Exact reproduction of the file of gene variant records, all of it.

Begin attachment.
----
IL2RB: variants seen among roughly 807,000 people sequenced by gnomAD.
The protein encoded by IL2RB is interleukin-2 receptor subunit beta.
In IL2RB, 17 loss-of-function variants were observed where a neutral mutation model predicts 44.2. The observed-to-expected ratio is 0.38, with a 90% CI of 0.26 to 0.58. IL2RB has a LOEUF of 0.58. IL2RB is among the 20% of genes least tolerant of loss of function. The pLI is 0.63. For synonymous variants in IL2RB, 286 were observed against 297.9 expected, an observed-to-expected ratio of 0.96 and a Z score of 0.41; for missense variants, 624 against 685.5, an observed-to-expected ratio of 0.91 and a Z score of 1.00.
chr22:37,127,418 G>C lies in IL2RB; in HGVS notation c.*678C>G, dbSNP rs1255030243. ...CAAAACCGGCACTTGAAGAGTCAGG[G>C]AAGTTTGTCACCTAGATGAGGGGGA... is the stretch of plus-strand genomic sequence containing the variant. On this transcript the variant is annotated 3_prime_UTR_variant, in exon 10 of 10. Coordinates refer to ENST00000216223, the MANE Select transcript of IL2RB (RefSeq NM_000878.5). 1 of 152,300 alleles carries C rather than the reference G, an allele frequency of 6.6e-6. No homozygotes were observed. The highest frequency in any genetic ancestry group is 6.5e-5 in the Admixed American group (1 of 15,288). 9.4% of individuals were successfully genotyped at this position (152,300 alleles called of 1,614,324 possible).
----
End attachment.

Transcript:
IL2RB: variants seen among roughly 807,000 people sequenced by gnomAD.
The protein encoded by IL2RB is interleukin-2 receptor subunit beta.
In IL2RB, 17 loss-of-function variants were observed where a neutral mutation model predicts 44.2. The observed-to-expected ratio is 0.38, with a 90% CI of 0.26 to 0.58. IL2RB has a LOEUF of 0.58. IL2RB is among the 20% of genes least tolerant of loss of function. The pLI is 0.63. For synonymous variants in IL2RB, 286 were observed against 297.9 expected, an observed-to-expected ratio of 0.96 and a Z score of 0.41; for missense variants, 624 against 685.5, an observed-to-expected ratio of 0.91 and a Z score of 1.00.
chr22:37,127,418 G>C lies in IL2RB; in HGVS notation c.*678C>G, dbSNP rs1255030243. ...CAAAACCGGCACTTGAAGAGTCAGG[G>C]AAGTTTGTCACCTAGATGAGGGGGA... is the stretch of plus-strand genomic sequence containing the variant. On this transcript the variant is annotated 3_prime_UTR_variant, in exon 10 of 10. Coordinates refer to ENST00000216223, the MANE Select transcript of IL2RB (RefSeq NM_000878.5). 1 of 152,300 alleles carries C rather than the reference G, an allele frequency of 6.6e-6. No homozygotes were observed. The highest frequency in any genetic ancestry group is 6.5e-5 in the Admixed American group (1 of 15,288). 9.4% of individuals were successfully genotyped at this position (152,300 alleles called of 1,614,324 possible).